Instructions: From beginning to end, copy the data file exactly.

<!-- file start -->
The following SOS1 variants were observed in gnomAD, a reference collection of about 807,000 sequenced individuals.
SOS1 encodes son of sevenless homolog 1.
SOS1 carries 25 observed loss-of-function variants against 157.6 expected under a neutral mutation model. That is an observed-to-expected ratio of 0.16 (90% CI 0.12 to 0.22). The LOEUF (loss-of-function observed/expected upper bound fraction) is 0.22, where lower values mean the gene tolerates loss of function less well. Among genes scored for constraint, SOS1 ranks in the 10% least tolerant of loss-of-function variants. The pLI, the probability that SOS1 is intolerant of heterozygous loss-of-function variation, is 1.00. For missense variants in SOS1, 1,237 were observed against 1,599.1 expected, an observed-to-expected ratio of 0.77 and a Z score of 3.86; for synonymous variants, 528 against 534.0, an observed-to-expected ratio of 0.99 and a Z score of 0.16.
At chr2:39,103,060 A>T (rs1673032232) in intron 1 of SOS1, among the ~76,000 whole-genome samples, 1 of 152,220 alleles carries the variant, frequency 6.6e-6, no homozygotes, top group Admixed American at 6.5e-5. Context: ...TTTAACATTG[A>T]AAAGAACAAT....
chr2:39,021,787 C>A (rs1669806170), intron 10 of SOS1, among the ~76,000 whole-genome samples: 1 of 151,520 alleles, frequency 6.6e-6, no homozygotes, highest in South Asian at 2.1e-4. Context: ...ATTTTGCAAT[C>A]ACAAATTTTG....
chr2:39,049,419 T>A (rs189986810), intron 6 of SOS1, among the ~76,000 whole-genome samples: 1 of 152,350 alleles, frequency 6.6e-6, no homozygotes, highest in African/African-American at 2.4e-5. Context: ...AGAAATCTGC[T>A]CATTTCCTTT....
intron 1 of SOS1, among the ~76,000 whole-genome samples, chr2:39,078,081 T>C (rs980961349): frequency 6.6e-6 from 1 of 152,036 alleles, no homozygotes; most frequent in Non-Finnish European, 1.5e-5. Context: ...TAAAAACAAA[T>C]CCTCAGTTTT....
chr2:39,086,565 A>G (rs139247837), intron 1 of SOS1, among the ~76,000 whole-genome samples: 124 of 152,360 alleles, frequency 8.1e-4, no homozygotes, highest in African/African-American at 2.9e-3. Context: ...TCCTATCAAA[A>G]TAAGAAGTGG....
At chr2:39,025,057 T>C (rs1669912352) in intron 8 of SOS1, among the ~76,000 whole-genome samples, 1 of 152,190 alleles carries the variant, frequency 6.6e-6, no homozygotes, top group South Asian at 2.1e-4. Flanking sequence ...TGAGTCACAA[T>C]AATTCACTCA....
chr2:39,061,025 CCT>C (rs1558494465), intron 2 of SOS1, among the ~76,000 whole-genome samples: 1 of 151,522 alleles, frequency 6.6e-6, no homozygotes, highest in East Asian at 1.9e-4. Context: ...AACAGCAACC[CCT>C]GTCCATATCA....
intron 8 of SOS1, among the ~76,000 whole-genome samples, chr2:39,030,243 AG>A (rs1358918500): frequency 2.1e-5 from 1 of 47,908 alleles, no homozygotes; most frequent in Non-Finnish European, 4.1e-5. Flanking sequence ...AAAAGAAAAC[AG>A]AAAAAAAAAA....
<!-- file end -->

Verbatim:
The following SOS1 variants were observed in gnomAD, a reference collection of about 807,000 sequenced individuals.
SOS1 encodes son of sevenless homolog 1.
SOS1 carries 25 observed loss-of-function variants against 157.6 expected under a neutral mutation model. That is an observed-to-expected ratio of 0.16 (90% CI 0.12 to 0.22). The LOEUF (loss-of-function observed/expected upper bound fraction) is 0.22, where lower values mean the gene tolerates loss of function less well. Among genes scored for constraint, SOS1 ranks in the 10% least tolerant of loss-of-function variants. The pLI, the probability that SOS1 is intolerant of heterozygous loss-of-function variation, is 1.00. For missense variants in SOS1, 1,237 were observed against 1,599.1 expected, an observed-to-expected ratio of 0.77 and a Z score of 3.86; for synonymous variants, 528 against 534.0, an observed-to-expected ratio of 0.99 and a Z score of 0.16.
At chr2:39,103,060 A>T (rs1673032232) in intron 1 of SOS1, among the ~76,000 whole-genome samples, 1 of 152,220 alleles carries the variant, frequency 6.6e-6, no homozygotes, top group Admixed American at 6.5e-5. Context: ...TTTAACATTG[A>T]AAAGAACAAT....
chr2:39,021,787 C>A (rs1669806170), intron 10 of SOS1, among the ~76,000 whole-genome samples: 1 of 151,520 alleles, frequency 6.6e-6, no homozygotes, highest in South Asian at 2.1e-4. Context: ...ATTTTGCAAT[C>A]ACAAATTTTG....
chr2:39,049,419 T>A (rs189986810), intron 6 of SOS1, among the ~76,000 whole-genome samples: 1 of 152,350 alleles, frequency 6.6e-6, no homozygotes, highest in African/African-American at 2.4e-5. Context: ...AGAAATCTGC[T>A]CATTTCCTTT....
intron 1 of SOS1, among the ~76,000 whole-genome samples, chr2:39,078,081 T>C (rs980961349): frequency 6.6e-6 from 1 of 152,036 alleles, no homozygotes; most frequent in Non-Finnish European, 1.5e-5. Context: ...TAAAAACAAA[T>C]CCTCAGTTTT....
chr2:39,086,565 A>G (rs139247837), intron 1 of SOS1, among the ~76,000 whole-genome samples: 124 of 152,360 alleles, frequency 8.1e-4, no homozygotes, highest in African/African-American at 2.9e-3. Context: ...TCCTATCAAA[A>G]TAAGAAGTGG....
At chr2:39,025,057 T>C (rs1669912352) in intron 8 of SOS1, among the ~76,000 whole-genome samples, 1 of 152,190 alleles carries the variant, frequency 6.6e-6, no homozygotes, top group South Asian at 2.1e-4. Flanking sequence ...TGAGTCACAA[T>C]AATTCACTCA....
chr2:39,061,025 CCT>C (rs1558494465), intron 2 of SOS1, among the ~76,000 whole-genome samples: 1 of 151,522 alleles, frequency 6.6e-6, no homozygotes, highest in East Asian at 1.9e-4. Context: ...AACAGCAACC[CCT>C]GTCCATATCA....
intron 8 of SOS1, among the ~76,000 whole-genome samples, chr2:39,030,243 AG>A (rs1358918500): frequency 2.1e-5 from 1 of 47,908 alleles, no homozygotes; most frequent in Non-Finnish European, 4.1e-5. Flanking sequence ...AAAAGAAAAC[AG>A]AAAAAAAAAA....